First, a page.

I did really well on the test overall, but the few things that threw me for a loop were not behavior-related. I was uncomfortable with the husbandry portion as I didnt feel any of the study materials provided gave a good overview of what we needed to know--and those were some of the few questions I missed. Wish I had somewhere to point you in a good direction on that, but, I don't. I also recall a bizarre question about wolf dog/hybrids and vaccines... Weird.

Anyways, my point is that you will be more than fine. Also, congrats on your and Maisy's ARCH--that is fabulous!!!

Crystal Thompson said...

Thanks! I'm so excited about the ARCH!!!! Still. :)

Thanks for your vote of confidence about the CPDT. I have keep reminding myself that I've been to about a billion seminars, which has probably given me more knowledge than I am giving myself credit for. Still... studying can't hurt. :)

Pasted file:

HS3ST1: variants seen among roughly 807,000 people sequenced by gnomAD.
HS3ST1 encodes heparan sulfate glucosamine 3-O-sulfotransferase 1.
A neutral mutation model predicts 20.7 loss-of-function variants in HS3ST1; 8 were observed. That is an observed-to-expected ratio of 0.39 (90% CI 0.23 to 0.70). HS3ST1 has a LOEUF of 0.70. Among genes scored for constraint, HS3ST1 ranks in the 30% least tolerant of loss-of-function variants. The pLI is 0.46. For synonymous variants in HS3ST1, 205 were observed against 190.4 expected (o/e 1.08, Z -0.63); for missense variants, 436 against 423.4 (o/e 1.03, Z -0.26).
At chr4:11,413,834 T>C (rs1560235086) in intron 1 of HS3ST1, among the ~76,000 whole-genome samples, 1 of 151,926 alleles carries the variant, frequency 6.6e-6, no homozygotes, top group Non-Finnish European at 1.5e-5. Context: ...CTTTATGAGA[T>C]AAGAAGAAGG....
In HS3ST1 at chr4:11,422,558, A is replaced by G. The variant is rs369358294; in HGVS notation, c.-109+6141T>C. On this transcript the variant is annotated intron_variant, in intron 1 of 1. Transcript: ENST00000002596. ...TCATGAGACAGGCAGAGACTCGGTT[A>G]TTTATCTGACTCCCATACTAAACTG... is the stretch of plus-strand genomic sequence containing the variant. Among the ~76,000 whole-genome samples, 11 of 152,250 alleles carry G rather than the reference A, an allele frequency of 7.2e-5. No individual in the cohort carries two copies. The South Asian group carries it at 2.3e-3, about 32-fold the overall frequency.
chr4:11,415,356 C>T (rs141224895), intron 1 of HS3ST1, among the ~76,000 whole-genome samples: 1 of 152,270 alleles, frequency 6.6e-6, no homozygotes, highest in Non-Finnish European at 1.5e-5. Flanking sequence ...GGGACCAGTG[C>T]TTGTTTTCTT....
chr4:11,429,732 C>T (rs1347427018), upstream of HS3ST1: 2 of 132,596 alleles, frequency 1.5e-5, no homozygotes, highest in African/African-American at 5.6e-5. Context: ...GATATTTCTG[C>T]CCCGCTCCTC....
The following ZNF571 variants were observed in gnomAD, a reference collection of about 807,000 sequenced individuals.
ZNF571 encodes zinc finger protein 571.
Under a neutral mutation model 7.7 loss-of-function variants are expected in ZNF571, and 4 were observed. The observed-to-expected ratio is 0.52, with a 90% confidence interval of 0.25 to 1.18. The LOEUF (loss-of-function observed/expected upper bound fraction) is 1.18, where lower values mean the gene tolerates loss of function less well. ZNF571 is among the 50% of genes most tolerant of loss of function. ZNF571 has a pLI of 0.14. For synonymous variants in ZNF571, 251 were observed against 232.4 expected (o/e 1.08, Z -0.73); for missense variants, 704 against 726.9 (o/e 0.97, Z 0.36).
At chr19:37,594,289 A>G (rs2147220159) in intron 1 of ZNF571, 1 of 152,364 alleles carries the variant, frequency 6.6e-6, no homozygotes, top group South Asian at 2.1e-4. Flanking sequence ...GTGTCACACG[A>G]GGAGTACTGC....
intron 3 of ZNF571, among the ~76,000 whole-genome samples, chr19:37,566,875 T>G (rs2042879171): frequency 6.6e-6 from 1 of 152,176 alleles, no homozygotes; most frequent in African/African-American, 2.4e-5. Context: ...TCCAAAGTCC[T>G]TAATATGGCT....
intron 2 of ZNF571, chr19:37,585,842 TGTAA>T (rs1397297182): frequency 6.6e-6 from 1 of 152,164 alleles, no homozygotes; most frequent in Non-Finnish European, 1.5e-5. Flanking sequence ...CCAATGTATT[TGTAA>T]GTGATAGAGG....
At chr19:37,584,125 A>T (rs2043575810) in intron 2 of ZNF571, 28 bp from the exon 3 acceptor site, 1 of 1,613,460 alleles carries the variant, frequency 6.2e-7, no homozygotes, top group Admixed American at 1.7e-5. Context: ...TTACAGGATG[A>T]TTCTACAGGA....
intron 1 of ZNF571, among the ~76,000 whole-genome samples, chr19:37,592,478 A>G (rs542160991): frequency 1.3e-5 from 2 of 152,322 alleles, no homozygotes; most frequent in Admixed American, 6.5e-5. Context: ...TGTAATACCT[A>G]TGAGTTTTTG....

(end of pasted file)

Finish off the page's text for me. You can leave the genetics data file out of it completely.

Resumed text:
I agree the husbandry portion is the one that intimidates me most. Thankfully it's small, percentage wise. You know what's hilarious, though? Shortly after I read your comment, I read a section in Terry Ryan's book about vaccines and wolf/dog hybrids! Apparently, there is no approved Rabies vaccine for hybrids, and there is some debate on whether or not it works for them. So... I bet that was it!

Joanna said...

Ha, I'm glad that I saw your comment above! I was going to borrow Terry Ryan's book from a friend, but it's not working out, and I don't think it's worth paying the high cost. So if you see any other tidbits that seem to be unique to her book, speak up, haha!